Little Nightmares is like being up late as a child, stumbling after a bad dream. Shadows hide monsters and nothing is as it should be. It’s quiet and unsettling but also nothing that hasn’t been done before.
Little Nightmares is a puzzle platformer released yesterday for PlayStation 4, Xbox One and PC. You play as a small child named Six, searching for a way to escape a surreal ship. Floorboards creak and metal pipes clang as you snake your way through darkness with little more than a lighter and your dwindling courage. It’s traditional, with blocks to push and dangerous leaps to make.
Keeping to a standard formula allows Little Nightmares to focus on its consistent and powerful mood: Anxiety. There are blood-sucking leeches and gangly, deformed researchers working their mad science. Rather than opting for jump scares or combat, Little Nightmares evokes the feeling of trying to not wake your parents as you sneak downstairs to play Super Nintendo. It’s a nostalgic sensation that helps drive the player forward. There’s something deeply familiar about creeping around in the dark.
But despite its unique mood and creepy aesthetic, Little Nightmares lacks variety. Little Nightmares is a game where you push blocks, run from baddies, and watch a young kid get killed over and over. I’ve done that before in Limbo. I did it again when Inside came out last year. Which isn’t to say that Little Nightmares isn’t enjoyable. The world design is stellar and the game moves smoothly from puzzles to chase sequences to pseudo boss battles. Still, some players might feel that they have danced this danced before.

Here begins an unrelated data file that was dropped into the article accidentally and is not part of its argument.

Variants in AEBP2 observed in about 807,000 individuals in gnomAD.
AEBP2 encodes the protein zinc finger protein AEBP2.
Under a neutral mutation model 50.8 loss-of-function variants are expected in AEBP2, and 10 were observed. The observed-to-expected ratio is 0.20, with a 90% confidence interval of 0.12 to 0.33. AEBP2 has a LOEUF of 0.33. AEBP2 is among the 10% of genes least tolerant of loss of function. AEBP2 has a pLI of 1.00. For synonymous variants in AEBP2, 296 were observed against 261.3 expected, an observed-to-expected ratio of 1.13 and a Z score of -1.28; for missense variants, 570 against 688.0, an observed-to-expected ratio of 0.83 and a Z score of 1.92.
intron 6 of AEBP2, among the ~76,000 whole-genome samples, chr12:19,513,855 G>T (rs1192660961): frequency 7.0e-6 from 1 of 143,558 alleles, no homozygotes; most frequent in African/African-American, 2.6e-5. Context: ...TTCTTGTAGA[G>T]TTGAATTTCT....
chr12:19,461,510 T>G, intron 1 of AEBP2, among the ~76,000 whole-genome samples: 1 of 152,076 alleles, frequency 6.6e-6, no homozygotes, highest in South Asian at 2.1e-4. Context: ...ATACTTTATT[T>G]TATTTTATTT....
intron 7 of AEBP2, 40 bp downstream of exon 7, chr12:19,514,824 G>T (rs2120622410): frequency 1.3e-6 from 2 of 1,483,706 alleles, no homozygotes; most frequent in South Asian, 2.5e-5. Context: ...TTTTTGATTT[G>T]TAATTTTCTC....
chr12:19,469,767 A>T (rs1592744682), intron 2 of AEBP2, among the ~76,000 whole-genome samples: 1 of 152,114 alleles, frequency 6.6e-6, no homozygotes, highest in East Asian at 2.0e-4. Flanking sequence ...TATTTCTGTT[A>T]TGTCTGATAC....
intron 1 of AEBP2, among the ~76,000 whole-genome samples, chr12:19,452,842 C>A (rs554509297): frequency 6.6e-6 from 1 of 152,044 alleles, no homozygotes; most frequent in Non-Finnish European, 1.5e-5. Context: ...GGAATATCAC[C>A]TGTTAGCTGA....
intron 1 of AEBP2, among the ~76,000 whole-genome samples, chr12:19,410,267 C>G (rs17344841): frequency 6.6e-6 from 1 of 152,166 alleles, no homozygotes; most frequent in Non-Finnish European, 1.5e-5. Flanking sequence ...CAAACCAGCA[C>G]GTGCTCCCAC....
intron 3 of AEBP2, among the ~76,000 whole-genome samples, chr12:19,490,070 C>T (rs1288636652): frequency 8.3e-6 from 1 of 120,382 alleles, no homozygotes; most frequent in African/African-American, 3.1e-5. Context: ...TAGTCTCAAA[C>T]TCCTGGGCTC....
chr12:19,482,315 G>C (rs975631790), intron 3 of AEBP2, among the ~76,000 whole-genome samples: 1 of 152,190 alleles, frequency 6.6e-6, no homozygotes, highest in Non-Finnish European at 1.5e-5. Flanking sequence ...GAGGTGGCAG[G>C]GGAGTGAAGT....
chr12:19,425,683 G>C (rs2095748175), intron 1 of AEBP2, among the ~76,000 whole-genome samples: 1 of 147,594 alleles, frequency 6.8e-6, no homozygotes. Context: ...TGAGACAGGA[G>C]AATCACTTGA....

Little Nightmares won’t scare you to death, but it will bring back memories of the world you knew as a child: Large, confusing, dangerous. There’s a pervasive moodiness underneath the safe design that breathes plenty of mystery into the game. I want to return to this world and experience it again. But it doesn’t quite change the fact that if you’ve pushed one box, you’ve basically pushed them all.
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